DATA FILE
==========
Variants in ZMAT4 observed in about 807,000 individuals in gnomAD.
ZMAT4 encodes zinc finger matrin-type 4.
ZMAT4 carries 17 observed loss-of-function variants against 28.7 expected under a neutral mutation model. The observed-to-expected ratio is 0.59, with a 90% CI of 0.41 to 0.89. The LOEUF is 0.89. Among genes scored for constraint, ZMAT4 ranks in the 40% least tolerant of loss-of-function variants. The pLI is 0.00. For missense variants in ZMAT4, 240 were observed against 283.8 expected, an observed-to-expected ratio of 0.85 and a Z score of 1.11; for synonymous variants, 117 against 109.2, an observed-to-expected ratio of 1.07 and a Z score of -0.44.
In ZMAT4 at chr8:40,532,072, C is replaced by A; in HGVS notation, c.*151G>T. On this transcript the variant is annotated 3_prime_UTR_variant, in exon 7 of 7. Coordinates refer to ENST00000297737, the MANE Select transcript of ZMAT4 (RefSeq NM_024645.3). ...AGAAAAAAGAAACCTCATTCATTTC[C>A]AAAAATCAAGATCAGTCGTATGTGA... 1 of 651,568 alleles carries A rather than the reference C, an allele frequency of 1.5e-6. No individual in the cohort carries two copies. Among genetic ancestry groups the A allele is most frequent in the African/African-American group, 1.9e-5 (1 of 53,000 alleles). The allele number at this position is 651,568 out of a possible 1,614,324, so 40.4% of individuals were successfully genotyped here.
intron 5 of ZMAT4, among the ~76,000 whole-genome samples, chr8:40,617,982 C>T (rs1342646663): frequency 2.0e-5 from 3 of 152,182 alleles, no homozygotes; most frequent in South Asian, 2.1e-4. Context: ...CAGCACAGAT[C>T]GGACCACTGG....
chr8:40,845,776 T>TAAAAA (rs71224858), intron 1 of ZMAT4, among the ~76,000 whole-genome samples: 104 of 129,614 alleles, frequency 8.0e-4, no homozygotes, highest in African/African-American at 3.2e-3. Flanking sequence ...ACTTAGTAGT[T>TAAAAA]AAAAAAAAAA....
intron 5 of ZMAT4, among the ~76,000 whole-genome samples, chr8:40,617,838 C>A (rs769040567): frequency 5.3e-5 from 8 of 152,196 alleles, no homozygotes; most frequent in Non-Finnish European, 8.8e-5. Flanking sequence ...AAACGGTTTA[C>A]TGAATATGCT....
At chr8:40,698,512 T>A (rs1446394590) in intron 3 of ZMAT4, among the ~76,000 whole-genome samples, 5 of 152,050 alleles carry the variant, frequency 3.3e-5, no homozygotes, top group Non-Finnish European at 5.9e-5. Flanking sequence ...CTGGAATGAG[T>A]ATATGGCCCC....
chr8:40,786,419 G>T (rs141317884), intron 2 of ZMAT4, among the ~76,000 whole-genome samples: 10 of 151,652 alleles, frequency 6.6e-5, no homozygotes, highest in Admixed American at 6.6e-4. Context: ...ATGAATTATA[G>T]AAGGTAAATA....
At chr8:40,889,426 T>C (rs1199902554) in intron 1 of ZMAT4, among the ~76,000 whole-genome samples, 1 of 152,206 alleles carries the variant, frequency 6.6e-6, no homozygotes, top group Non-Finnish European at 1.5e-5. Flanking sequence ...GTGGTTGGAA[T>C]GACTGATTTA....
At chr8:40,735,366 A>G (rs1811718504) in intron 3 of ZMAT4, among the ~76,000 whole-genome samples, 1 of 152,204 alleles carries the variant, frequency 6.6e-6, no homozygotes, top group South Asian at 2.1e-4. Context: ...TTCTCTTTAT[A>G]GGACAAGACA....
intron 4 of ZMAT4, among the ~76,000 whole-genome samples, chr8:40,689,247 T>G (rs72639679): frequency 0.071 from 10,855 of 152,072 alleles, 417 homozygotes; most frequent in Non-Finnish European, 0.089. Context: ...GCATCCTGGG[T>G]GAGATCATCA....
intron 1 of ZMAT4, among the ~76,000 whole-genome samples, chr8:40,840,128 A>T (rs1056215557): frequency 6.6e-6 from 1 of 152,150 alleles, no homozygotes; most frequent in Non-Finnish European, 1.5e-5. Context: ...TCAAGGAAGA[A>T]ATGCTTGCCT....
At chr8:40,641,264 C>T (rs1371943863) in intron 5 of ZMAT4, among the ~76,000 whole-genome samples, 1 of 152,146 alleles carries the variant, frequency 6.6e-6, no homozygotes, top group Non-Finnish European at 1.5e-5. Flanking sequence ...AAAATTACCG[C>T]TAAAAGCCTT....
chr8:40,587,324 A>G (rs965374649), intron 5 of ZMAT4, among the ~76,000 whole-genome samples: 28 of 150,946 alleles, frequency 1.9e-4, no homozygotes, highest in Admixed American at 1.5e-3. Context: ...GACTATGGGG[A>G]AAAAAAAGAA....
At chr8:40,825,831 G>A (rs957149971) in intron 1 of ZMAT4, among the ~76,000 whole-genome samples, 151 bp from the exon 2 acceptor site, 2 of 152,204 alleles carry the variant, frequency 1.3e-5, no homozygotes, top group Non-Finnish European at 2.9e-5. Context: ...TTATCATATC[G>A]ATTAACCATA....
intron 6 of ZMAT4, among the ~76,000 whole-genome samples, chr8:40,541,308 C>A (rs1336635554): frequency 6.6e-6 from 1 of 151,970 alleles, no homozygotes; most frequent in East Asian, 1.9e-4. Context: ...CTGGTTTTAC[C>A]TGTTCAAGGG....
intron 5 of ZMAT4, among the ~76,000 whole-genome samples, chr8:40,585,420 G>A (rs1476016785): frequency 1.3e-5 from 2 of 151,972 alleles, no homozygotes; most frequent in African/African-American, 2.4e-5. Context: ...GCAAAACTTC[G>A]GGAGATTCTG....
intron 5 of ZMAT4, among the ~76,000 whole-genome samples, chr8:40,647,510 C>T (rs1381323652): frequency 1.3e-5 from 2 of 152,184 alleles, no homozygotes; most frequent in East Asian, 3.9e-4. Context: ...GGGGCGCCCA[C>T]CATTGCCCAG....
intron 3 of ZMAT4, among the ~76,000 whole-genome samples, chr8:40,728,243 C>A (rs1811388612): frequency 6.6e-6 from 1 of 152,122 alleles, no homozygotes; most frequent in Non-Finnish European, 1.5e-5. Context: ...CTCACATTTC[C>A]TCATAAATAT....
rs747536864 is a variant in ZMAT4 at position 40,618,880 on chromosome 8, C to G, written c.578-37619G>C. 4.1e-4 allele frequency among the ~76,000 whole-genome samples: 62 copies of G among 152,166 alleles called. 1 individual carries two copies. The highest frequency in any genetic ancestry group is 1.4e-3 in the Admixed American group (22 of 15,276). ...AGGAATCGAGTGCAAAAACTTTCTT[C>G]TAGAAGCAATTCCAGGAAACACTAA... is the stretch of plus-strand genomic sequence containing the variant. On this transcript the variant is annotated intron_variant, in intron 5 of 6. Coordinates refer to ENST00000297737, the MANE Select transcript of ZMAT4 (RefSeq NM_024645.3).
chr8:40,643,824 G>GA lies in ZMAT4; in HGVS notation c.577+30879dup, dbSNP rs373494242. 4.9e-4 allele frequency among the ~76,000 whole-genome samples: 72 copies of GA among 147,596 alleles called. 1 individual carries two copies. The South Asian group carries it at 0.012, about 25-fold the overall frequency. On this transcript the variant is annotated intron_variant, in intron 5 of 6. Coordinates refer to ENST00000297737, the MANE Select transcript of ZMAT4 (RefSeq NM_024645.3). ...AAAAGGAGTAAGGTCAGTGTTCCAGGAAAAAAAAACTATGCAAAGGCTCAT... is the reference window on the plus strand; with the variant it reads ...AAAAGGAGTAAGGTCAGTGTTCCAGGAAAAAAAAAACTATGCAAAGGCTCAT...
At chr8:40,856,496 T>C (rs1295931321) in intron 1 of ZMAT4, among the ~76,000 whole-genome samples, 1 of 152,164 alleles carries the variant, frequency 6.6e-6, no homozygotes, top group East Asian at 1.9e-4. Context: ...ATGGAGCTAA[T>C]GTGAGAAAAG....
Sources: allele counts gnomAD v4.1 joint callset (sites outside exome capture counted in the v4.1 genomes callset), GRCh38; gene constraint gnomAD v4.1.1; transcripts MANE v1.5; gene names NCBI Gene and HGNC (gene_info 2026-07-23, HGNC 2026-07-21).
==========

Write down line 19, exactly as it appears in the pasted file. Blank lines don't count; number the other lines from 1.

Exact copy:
intron 5 of ZMAT4, among the ~76,000 whole-genome samples, chr8:40,647,510 C>T (rs1381323652): frequency 1.3e-5 from 2 of 152,184 alleles, no homozygotes; most frequent in East Asian, 3.9e-4. Context: ...GGGGCGCCCA[C>T]CATTGCCCAG....